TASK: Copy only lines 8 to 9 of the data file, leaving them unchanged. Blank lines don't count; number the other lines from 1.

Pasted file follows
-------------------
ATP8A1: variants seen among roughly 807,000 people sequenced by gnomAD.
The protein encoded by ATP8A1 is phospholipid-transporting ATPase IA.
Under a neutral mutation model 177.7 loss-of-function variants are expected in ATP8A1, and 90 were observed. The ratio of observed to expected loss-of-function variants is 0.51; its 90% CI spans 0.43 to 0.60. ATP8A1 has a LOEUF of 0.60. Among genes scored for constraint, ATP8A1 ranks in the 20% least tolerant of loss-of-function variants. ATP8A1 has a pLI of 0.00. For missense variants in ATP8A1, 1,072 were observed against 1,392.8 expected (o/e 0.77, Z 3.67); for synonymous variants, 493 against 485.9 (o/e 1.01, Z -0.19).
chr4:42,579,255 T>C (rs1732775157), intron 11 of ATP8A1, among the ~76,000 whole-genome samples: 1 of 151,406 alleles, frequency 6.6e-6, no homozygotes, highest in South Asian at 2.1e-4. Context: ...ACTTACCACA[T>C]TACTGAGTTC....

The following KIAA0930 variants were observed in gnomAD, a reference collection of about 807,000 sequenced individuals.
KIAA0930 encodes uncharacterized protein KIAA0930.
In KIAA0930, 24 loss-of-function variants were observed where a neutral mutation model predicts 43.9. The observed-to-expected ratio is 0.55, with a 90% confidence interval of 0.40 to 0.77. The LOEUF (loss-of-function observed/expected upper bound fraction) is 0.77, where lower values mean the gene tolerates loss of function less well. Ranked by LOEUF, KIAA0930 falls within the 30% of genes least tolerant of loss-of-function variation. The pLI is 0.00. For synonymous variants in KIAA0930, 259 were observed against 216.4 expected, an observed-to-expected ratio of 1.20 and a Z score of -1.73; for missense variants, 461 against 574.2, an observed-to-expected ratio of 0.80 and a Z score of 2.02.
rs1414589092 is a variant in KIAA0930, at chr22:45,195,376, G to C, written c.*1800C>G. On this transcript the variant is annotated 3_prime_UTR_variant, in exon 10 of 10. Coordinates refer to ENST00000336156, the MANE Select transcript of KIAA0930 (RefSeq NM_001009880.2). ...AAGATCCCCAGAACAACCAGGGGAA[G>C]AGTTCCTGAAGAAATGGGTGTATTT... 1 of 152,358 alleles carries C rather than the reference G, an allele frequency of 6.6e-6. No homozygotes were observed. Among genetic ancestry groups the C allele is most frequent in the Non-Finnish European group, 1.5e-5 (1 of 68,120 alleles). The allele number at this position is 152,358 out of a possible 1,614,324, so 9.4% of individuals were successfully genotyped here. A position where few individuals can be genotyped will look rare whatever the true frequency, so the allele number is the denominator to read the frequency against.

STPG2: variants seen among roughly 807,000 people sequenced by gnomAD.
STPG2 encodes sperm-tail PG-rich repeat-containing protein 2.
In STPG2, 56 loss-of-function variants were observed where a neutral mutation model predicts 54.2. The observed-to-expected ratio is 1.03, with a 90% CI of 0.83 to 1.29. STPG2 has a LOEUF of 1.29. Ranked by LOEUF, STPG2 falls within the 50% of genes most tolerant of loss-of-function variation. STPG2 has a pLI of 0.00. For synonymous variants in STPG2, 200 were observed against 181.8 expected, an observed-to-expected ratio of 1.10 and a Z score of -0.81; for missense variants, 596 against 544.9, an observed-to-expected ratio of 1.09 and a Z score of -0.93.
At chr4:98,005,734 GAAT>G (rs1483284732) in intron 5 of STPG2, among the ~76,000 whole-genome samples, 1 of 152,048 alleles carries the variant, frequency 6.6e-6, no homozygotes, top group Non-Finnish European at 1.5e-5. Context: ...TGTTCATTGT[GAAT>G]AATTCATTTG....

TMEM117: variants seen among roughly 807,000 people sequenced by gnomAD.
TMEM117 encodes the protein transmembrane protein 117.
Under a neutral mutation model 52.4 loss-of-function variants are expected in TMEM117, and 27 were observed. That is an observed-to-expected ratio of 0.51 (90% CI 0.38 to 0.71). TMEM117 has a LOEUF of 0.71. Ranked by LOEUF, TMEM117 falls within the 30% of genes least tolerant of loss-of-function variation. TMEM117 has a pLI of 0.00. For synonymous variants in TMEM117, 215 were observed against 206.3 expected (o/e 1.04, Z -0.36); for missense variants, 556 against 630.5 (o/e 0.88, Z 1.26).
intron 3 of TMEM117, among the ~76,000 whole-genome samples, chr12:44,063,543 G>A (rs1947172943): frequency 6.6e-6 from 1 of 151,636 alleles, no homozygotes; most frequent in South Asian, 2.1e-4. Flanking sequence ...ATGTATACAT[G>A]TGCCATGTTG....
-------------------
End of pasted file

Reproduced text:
rs1414589092 is a variant in KIAA0930, at chr22:45,195,376, G to C, written c.*1800C>G. On this transcript the variant is annotated 3_prime_UTR_variant, in exon 10 of 10. Coordinates refer to ENST00000336156, the MANE Select transcript of KIAA0930 (RefSeq NM_001009880.2). ...AAGATCCCCAGAACAACCAGGGGAA[G>C]AGTTCCTGAAGAAATGGGTGTATTT... 1 of 152,358 alleles carries C rather than the reference G, an allele frequency of 6.6e-6. No homozygotes were observed. Among genetic ancestry groups the C allele is most frequent in the Non-Finnish European group, 1.5e-5 (1 of 68,120 alleles). The allele number at this position is 152,358 out of a possible 1,614,324, so 9.4% of individuals were successfully genotyped here. A position where few individuals can be genotyped will look rare whatever the true frequency, so the allele number is the denominator to read the frequency against.

STPG2: variants seen among roughly 807,000 people sequenced by gnomAD.